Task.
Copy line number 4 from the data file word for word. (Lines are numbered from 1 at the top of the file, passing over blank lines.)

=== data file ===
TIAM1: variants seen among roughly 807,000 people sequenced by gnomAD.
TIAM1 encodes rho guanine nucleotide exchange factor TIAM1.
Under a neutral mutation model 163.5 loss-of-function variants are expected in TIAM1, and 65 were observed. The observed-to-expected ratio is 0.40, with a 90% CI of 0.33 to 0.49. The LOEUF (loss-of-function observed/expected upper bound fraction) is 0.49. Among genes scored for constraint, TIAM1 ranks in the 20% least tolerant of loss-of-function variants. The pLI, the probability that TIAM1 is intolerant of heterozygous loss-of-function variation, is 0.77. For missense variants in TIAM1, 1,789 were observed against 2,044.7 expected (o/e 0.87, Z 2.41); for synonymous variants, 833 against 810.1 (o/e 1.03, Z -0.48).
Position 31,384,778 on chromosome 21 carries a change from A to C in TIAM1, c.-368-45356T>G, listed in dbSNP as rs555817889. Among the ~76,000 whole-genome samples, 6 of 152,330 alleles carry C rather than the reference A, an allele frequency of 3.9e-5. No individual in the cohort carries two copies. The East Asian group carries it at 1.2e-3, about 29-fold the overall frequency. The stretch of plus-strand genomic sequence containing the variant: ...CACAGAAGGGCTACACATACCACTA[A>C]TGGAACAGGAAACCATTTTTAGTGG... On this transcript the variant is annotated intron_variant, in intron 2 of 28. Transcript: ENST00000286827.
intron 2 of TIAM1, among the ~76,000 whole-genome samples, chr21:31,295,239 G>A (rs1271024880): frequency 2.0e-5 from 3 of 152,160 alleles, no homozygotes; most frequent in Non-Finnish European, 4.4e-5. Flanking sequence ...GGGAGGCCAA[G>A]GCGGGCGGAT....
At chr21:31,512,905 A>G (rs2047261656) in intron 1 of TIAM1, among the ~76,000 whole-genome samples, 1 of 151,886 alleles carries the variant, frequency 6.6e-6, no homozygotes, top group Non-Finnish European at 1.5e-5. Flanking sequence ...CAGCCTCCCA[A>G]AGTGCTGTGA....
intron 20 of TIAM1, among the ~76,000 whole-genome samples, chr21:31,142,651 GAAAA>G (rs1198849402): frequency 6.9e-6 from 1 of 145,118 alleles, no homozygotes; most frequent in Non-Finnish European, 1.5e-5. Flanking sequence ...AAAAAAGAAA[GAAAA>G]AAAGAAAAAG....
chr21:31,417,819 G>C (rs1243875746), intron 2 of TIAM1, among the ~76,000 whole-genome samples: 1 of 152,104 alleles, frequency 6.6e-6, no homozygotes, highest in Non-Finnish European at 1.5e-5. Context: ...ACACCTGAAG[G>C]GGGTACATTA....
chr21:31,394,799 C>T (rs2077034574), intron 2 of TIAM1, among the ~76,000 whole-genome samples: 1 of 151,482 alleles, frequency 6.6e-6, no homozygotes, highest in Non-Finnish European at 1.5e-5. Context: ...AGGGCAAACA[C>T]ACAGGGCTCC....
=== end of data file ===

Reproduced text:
Position 31,384,778 on chromosome 21 carries a change from A to C in TIAM1, c.-368-45356T>G, listed in dbSNP as rs555817889. Among the ~76,000 whole-genome samples, 6 of 152,330 alleles carry C rather than the reference A, an allele frequency of 3.9e-5. No individual in the cohort carries two copies. The East Asian group carries it at 1.2e-3, about 29-fold the overall frequency. The stretch of plus-strand genomic sequence containing the variant: ...CACAGAAGGGCTACACATACCACTA[A>C]TGGAACAGGAAACCATTTTTAGTGG... On this transcript the variant is annotated intron_variant, in intron 2 of 28. Transcript: ENST00000286827.